Snowdrops belong to the Genus Galanthus (greek for Milk Flower) – a native of Europe and Russia, and are one of the first of the bulbs to flower. They tell us Spring can’t be too far away, although they aren’t a reliable indicator of ‘when’ exactly it will arrive – routinely ours always seem to flower about the third week in February. In our garden (where all these images were taken) they’ve been out for 10 days or so but it wasn’t until yesterday that the brief snatches of sun coincided with my availability to get a picture. Retirement can be so hectic at times!
The image above was taken yesterday. Snowdrops are not that easy to photograph well – they grow in thick clumps as you can see. Clumps have depth and photographed horizontally (ie at ground level) they can end up looking rather messy and confused.
This is now the 4th winter that I have used a digital SLR and each year I try to find a different way to capture the development of Spring within our garden. It’s easy for it to be just the same old boring images – but I like the challenge of trying to find new ways of capturing the same bulbs/plants/flowers/blossom each year.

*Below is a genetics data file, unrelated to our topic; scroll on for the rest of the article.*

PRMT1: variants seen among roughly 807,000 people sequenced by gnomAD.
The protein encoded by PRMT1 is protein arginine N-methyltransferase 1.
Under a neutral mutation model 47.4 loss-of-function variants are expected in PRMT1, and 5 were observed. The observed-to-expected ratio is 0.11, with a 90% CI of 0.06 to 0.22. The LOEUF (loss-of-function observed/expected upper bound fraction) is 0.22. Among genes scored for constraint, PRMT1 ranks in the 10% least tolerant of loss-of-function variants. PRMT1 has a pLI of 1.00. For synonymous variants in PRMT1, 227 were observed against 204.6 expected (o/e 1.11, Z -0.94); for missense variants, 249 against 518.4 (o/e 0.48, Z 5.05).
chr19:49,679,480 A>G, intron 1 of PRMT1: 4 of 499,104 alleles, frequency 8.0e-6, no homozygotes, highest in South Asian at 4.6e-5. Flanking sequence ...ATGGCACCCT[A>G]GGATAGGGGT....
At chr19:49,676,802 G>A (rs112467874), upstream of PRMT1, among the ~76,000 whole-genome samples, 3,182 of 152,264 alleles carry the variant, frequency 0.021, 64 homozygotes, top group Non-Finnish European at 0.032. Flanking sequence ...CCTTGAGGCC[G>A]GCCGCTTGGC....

So, the images that follow come from the last 4 years of finding ways to capture the delicate beauty of Snowdrops.
A smaller clump, tight against a wall is easier to record. This is a different variety – the petals and flower heads more rounded than the normal lanceolate variety you see in the other images.
Concentrating on the outliers of a clump can result in an interesting composition (see below).
The next two images were shot with a long lens – a 500mm Mirror Lens. In the first one I carefully selected a viewpoint that meant a row of Snowdrops within the cluster would be at right angles to my line of sight with all the others diffused to a greater or lesser extent.
The doughnut shaped Bokeh (characteristic of Mirror lens images) are not too ostentatious in either of these two images.
In this second Mirror Lens image, I hunted again for a few isolated Snowdrops that formed an attractive composition with no distractions in the background.
Finally another image from yesterday – dew was still on the ground and I tried shooting towards the light.
I’ve softened the highlights by applying the dry brush filter in Photoshop to give this image a slightly painterly appearance.
If you are interested in Mirror Lens imaging then click here to go to a Photo Tips article posted last Autumn on Mirror Lenses.